Cast vs Calendered – Which is Best?
How to compare cast vs calendered film in terms that are clear enough to make good purchasing decisions but not so Technical that you would fall asleep before figuring it out? Still awake? I swear no more mention of the “T” word.
Think of it this way; time in the sun is never your friend when you happen to be a material that was chosen for cost rather than durability. Think of those tourist shop umbrellas that are sun-bleached after one season and end up splitting at the seams by season two.
This is the same thing – the sun shade and vinyl are meant to handle many common or short-term applications but they get wrongly used. Then, they are accused of being cheap when they fade, fail or fall apart. When it comes to tougher applications over a longer warranty it pays to buy the right materials in the first place then have to replace them later. As anyone who has had the pleasure of “redoing” vinyl graphics knows the lowest cost involved is the vinyl itself. Removal of cracked or brittle film and the very bad rap that lands directly on the sign shop are far more expensive than your vinyl investment.
There are far too many specific details having to do with vinyl and the makeup of vinyl I can cover but I’ll stick with the primary decision points.
The very names given to these two types of vinyl film (cast or calendered) can tell us a lot about their best application. Cast film is produced by first turning the ingredients of the finished film; PVC resin, plasticizer, colorant, etc. into paint by the use of a solvent. When matte, semi-gloss or high gloss vinyl is required then the mold film will be a mirror of that texture. The thin wet colored, clear or white vinyl film is then dried and cured at a rather high temperature to form a very flexible film. There are many connections between the ingredients that are bonded via process temperatures far higher than any application will experience. Now we can see why cast film can take so much distortion, heat abuse (such as that in thermoforming a sign face) and sun energy without losing its flexibility and cracking, fading or popping away from curves or tight corners such that are encountered in vehicle wraps.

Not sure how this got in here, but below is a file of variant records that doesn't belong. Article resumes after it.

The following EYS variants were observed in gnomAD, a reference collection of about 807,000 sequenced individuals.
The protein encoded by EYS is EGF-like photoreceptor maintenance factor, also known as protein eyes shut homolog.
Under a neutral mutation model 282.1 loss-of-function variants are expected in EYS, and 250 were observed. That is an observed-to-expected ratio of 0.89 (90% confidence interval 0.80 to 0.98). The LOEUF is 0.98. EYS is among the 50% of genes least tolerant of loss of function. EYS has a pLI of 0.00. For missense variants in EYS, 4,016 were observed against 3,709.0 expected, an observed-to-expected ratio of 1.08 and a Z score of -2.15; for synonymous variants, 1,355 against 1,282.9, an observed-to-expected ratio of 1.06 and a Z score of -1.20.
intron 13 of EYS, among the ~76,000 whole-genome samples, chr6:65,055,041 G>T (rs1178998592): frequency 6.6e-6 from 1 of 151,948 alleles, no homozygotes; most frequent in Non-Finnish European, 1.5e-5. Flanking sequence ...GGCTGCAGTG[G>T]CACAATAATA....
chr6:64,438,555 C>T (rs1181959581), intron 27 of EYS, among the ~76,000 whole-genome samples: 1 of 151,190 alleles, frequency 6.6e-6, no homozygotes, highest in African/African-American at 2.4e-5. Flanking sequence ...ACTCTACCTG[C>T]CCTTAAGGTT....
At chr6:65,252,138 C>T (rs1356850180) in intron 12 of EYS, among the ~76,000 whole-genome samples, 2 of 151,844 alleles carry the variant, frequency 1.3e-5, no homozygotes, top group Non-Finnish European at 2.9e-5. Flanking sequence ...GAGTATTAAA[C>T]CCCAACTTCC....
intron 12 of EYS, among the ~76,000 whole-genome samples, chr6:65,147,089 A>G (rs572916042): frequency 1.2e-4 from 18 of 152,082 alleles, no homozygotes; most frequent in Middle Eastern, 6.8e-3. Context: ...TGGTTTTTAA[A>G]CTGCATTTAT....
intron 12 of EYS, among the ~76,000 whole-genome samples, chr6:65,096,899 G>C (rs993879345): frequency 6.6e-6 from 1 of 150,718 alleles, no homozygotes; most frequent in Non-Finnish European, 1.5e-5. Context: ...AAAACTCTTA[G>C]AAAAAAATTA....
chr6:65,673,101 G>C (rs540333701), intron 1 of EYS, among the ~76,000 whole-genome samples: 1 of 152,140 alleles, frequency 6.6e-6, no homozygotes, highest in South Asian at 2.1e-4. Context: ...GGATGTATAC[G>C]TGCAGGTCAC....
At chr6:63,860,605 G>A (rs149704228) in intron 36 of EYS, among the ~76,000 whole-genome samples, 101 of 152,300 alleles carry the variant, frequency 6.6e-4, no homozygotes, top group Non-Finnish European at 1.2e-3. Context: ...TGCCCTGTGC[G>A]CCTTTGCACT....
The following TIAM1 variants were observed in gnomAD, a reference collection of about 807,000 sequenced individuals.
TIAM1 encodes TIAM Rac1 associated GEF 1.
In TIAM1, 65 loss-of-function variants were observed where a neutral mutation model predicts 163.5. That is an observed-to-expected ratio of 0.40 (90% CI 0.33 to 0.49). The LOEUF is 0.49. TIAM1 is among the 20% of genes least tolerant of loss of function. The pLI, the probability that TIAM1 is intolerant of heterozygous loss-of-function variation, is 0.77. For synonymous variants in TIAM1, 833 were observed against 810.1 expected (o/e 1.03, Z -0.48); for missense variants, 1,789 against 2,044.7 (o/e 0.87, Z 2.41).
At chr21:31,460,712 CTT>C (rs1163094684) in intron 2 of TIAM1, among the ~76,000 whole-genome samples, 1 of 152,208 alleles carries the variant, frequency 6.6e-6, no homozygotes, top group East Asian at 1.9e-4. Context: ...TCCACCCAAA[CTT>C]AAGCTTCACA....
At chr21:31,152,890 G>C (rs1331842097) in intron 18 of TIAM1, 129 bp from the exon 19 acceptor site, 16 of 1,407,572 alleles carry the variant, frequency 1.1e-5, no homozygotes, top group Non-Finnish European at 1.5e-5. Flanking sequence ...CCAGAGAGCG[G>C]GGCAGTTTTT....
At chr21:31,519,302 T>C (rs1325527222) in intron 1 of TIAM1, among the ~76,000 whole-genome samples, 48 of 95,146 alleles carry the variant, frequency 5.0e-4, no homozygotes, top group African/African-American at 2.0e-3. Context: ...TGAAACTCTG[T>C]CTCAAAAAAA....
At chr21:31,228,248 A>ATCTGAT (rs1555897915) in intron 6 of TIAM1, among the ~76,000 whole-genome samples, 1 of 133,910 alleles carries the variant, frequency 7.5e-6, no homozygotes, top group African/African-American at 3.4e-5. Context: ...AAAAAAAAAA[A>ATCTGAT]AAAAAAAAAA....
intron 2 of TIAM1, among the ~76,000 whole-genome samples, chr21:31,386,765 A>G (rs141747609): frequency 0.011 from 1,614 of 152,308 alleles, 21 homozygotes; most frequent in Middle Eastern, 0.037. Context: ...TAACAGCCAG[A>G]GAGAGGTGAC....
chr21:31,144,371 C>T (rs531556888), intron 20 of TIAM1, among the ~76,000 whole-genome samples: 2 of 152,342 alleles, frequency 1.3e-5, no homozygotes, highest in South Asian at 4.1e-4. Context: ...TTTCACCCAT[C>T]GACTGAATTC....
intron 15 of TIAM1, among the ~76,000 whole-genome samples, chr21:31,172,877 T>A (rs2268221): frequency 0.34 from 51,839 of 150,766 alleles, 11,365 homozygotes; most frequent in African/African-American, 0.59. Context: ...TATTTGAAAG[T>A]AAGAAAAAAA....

Still awake? Now to move onto calendered film.
Calendered film is not made through the paint casting method but instead through a “melt” process which involves the same type of ingredients as cast film. Instead of being carried through a coating unit onto a mold and then drying into a thin film of about 2 mils (50 microns), calendering first melts the ingredients at about half the temperature used to fuse cast film ingredients. As it cools the molten PVC is rolled through “calendering” rollers to achieve the final width, thickness and surface finish before being wound up for further processing.
Compared to cast film we can understand why calendered film is cheaper to make:
- No solvent cost
- No casting “mold” cost
- Lower energy cost
This results in a film that doesn’t quite have a resistance to the wide range of sign making processes (such as thermoforming), applications (such as south facing dark sign faces) or environments (from Sao Paulo, Brazil to Saint Paul Minnesota). Long-term signage and its associated colors will need to stand up to all of these elements without fading, cracking or peeling away.
So the next time you see some junior member of a competitive sign shop removing a prematurely crippled sign or wrap and reinstalling what can only be a “redo”; most likely you will see that little thought bubble above his head saying, “How did this happen?”, well, you’ll know the answer!
very good article, please email me, I have a technical question to ask
Thanks for the comment Stephen, we’ll be sending an email shortly.
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